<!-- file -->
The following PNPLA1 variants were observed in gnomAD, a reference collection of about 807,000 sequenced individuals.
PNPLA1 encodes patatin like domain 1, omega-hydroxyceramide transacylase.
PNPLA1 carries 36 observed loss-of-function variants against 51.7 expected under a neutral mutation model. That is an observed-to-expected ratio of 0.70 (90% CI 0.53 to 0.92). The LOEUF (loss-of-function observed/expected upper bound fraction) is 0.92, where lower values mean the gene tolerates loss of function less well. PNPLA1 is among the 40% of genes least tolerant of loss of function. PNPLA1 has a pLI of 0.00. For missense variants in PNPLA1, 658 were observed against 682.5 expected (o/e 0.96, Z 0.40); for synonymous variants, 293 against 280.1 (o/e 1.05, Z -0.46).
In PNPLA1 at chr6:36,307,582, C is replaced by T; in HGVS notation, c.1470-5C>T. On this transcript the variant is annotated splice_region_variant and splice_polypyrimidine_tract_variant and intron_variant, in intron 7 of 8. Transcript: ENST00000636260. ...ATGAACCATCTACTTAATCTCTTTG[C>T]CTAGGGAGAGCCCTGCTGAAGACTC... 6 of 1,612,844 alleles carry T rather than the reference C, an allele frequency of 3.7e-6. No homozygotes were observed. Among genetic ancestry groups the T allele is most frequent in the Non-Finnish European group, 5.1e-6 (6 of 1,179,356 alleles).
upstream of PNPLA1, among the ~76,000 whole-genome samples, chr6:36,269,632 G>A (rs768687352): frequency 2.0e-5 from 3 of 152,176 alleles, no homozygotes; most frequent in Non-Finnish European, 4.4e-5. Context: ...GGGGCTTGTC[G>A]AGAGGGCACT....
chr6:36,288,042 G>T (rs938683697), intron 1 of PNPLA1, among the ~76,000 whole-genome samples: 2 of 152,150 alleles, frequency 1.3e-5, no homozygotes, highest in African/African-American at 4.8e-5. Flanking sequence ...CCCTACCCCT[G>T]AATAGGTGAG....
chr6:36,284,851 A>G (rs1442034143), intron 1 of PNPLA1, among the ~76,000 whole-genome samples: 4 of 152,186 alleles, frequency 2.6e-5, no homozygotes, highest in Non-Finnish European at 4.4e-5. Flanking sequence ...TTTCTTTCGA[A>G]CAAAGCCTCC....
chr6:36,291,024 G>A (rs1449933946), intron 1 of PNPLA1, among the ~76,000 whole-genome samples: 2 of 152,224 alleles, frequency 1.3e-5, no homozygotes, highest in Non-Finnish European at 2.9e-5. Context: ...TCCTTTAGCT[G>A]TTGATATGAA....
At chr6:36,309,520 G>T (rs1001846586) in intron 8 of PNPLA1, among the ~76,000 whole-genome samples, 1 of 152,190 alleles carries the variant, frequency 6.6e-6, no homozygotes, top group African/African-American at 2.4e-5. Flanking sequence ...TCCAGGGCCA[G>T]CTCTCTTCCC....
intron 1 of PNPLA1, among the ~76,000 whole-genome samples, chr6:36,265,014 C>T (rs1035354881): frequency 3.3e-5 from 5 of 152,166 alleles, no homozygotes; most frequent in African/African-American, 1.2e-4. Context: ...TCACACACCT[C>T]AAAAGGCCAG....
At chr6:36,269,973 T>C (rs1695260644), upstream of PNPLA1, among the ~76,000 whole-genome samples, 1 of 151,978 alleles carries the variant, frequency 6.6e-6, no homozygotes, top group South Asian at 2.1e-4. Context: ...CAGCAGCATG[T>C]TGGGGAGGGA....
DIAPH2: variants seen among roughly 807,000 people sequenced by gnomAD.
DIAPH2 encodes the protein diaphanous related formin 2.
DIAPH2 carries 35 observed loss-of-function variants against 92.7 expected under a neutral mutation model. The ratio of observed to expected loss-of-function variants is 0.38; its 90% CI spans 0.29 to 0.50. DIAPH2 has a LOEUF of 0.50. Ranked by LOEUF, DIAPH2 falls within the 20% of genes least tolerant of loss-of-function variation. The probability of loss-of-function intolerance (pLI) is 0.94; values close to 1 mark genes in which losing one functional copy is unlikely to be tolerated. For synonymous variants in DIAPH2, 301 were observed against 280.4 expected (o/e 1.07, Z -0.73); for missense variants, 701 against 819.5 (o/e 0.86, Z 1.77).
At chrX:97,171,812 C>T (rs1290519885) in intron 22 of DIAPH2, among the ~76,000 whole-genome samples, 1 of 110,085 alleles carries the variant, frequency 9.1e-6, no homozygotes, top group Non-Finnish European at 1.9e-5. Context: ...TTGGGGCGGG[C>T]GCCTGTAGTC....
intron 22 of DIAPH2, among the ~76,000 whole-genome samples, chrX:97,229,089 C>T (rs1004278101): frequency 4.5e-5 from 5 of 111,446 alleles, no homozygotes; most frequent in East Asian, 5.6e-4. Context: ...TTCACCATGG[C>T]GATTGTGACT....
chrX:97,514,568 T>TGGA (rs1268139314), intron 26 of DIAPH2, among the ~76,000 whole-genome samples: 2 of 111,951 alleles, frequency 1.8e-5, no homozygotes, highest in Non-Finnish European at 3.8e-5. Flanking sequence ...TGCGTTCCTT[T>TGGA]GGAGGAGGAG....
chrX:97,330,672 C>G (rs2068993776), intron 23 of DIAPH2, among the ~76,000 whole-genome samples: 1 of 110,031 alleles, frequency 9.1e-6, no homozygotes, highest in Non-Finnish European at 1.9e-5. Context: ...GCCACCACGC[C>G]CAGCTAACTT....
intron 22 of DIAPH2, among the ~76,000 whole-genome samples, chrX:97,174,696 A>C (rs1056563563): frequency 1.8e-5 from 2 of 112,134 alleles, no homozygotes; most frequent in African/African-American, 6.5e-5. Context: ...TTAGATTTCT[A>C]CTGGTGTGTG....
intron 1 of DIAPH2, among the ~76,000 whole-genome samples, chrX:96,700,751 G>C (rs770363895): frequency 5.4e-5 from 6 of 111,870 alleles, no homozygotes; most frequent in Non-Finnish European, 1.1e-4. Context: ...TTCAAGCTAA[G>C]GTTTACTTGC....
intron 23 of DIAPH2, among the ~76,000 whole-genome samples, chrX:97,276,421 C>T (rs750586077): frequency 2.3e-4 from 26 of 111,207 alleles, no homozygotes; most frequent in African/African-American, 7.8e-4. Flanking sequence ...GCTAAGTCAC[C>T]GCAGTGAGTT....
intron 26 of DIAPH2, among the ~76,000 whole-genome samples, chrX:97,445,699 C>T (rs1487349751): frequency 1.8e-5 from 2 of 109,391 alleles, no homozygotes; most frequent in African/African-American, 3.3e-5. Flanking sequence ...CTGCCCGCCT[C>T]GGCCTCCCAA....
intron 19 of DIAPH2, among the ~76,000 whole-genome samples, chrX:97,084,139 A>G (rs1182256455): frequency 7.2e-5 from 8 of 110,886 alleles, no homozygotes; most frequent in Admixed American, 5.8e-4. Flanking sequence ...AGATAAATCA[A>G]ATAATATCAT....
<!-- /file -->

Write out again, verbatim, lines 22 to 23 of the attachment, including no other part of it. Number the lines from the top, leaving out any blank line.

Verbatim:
intron 26 of DIAPH2, among the ~76,000 whole-genome samples, chrX:97,445,699 C>T (rs1487349751): frequency 1.8e-5 from 2 of 109,391 alleles, no homozygotes; most frequent in African/African-American, 3.3e-5. Flanking sequence ...CTGCCCGCCT[C>T]GGCCTCCCAA....
intron 19 of DIAPH2, among the ~76,000 whole-genome samples, chrX:97,084,139 A>G (rs1182256455): frequency 7.2e-5 from 8 of 110,886 alleles, no homozygotes; most frequent in Admixed American, 5.8e-4. Flanking sequence ...AGATAAATCA[A>G]ATAATATCAT....